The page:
Most Christian faith-based films mean well and have the best of intentions in terms of the inspiration it preaches to its targeted audiences. However, filmmaking brothers Andrew and Jon Erwin (“I Can Only Imagine”) go so much further, delivering with odd conviction, a saccharine-coated, religious-themed love story that taps more sap than that found in a Vermont sugar maple tree. The sibling co-directors (with Jon Erwin serving as co-writer with Jon Gunn) behind the mawkish Christian rock music biopic I Still Believe wallow in its thick evangelical atmosphere complete with spiritual pop rock and an amiable messaging about hope and affections of the heart. Although it aims to illustrate savory vibes of an uplifting higher power melodrama, from its pulpit the Erwin brothers simply muster up a sluggish Christian romancer that does not have a prayer.
There is something that can be said for feel-good cinema especially one that finds comfort in faith, healing, and belief — something so strangely foreign in today’s cynical cinematic landscape. Even so, the Erwins conduct their soul-searching methods with a breezy approach that never adequately explores the realm of a blooming romance that has all the spark of an unwatered houseplant. What starts out as an earnest exploration of love and spirituality turns into a hammy slice of lovey-dovey clichés between a bland, albeit attractive, starry-eyed couple.
In any event, I Still Believe is based upon the true exploits of Christian musician Jeremy Camp (K.J. Apa, “A Dog’s Purpose”). While juggling his duties as a Bible college student on the West Coast, the Indiana-bred singer is instantly smitten when he spots the desirable Melissa Henning (Britt Robertson, “Tomorrowland”) in the audience at a musical event. He pursues, she resists, but it doesn’t take for her to give in and accept the ever growing attraction. Of course, no romantic bond is considered flawless as the treacly tandem will soon discover.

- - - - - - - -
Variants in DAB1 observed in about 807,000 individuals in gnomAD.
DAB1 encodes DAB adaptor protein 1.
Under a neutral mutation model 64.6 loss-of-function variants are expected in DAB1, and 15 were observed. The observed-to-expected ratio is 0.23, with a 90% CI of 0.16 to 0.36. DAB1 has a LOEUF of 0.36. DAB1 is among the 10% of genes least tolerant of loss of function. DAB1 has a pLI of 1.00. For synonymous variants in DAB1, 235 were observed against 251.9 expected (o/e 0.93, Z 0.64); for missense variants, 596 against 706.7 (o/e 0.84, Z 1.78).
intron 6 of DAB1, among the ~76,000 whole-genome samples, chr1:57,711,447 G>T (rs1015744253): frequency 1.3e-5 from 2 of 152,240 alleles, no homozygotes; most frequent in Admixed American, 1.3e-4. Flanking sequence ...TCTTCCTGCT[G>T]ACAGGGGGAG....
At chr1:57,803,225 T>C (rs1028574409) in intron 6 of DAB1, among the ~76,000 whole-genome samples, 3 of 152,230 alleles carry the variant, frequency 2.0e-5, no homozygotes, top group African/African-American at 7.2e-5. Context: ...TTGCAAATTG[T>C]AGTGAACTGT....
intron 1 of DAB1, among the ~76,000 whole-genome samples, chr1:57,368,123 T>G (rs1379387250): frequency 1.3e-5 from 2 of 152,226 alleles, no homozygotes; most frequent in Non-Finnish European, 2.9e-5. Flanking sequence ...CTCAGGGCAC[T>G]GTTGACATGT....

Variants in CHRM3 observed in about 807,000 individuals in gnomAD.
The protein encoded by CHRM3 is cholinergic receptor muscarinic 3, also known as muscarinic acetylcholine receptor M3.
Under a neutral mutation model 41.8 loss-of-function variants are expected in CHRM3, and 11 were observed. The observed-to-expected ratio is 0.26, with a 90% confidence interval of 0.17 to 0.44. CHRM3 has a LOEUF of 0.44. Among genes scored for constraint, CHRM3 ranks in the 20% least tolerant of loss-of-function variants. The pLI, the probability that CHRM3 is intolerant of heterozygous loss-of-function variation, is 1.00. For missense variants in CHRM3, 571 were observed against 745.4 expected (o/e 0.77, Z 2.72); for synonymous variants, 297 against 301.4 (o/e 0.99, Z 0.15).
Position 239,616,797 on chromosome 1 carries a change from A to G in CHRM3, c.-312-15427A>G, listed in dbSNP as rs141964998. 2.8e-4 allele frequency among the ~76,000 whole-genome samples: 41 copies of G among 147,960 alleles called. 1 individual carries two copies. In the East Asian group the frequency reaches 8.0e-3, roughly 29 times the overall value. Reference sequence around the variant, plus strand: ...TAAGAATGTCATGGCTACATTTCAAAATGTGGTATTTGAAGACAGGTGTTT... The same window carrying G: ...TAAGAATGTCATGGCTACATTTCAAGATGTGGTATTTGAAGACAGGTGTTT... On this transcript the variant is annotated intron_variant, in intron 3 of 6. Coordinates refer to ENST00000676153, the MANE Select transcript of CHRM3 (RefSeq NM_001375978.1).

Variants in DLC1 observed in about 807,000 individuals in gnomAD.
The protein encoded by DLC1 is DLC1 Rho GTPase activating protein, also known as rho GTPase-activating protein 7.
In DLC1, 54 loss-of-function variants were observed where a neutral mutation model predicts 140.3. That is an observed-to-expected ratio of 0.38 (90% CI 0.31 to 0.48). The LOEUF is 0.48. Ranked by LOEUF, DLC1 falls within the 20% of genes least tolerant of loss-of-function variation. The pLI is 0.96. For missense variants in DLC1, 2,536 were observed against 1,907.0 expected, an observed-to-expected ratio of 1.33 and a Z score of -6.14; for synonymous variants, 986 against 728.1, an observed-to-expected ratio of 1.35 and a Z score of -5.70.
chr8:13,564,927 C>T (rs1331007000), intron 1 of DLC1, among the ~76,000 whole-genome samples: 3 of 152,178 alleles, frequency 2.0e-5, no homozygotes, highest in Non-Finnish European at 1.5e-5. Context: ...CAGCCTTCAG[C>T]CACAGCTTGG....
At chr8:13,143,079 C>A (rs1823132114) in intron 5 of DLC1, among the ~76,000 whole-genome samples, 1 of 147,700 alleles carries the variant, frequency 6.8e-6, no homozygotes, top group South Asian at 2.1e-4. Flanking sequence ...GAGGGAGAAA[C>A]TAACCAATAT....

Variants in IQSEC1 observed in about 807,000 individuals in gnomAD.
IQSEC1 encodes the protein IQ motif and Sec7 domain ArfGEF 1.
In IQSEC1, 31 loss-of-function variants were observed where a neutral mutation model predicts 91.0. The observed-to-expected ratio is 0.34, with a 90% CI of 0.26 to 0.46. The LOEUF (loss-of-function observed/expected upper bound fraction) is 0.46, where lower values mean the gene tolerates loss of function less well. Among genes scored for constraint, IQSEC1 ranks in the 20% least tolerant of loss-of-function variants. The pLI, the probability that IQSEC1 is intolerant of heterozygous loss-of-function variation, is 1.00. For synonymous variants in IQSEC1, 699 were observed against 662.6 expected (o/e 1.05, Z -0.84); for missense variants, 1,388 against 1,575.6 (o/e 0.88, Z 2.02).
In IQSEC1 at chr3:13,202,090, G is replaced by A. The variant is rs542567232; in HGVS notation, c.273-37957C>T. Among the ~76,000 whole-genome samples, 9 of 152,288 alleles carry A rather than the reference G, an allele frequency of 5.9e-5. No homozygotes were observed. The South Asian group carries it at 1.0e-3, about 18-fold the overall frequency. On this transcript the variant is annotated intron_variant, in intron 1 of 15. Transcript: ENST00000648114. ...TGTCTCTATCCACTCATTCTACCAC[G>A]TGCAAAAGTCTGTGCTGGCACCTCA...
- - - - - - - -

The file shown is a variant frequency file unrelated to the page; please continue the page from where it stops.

Naturally, the obligatory brush with adversity sets in for the devoted sweethearts. Conveniently, their relationship is stalled based upon a couple of major factors. First, Jeremy and Melissa must contend with a third link to their intimate union — friend and singer Jean-Luc Lajoie (Nathan Parsons, “Teeth”). For Jeremy, besides being a friend, Jean-Luc is a musical mentor of sorts for the Christian performer. For Melissa, besides friendship, Jean-Luc harbors feelings for the wholesome beauty.
Jean-Luc is not the only roadblock to compromise the committed lovebirds. It is soon revealed that poor Melissa is diagnosed with cancer. Now the couple must demonstrate their genuine admiration for each other during the difficult times that jeopardizes Melissa’s life. How will they cope with this devastating reality of illness? Will the blessed graces of Christian faith intervene and see Melissa and Jeremy through the hardship and heartaches?
Unfortunately, I Still Believe feels altogether sketchy in its depiction of loving spiritual devotion. The leads, Apa and Robertson, are appealing enough to attract youngsters to revel in their polished aura onscreen, but the hackneyed heartstrings manipulated in this unbearable weeper may prove to be too heavy-handed. Plus, the Erwin bothers seem to forgo the musical foundation of Jeremy Camp by never really delving into the creative force of the singer’s insights or ingenuity for his musical artistry. The Christian music featured feels more of an afterthought in comparison to the trite bonding between Apa’s hopeful Jeremy and Robertson’s sickly, but sweet, Melissa. Thrown into the mopey mix with head-scratching effect are Gary Sinise (“CSI: NY” TV series) and country singer-actress Shania Twain as Jeremy’s parents Tom and Teri Camp, and Melissa Roxburgh (“Star Trek Beyond”) as Melissa’s protective sister. Overall, the grating dramatics and syrupy platitudes render I Still Believe as woefully slanted as the local church steeple.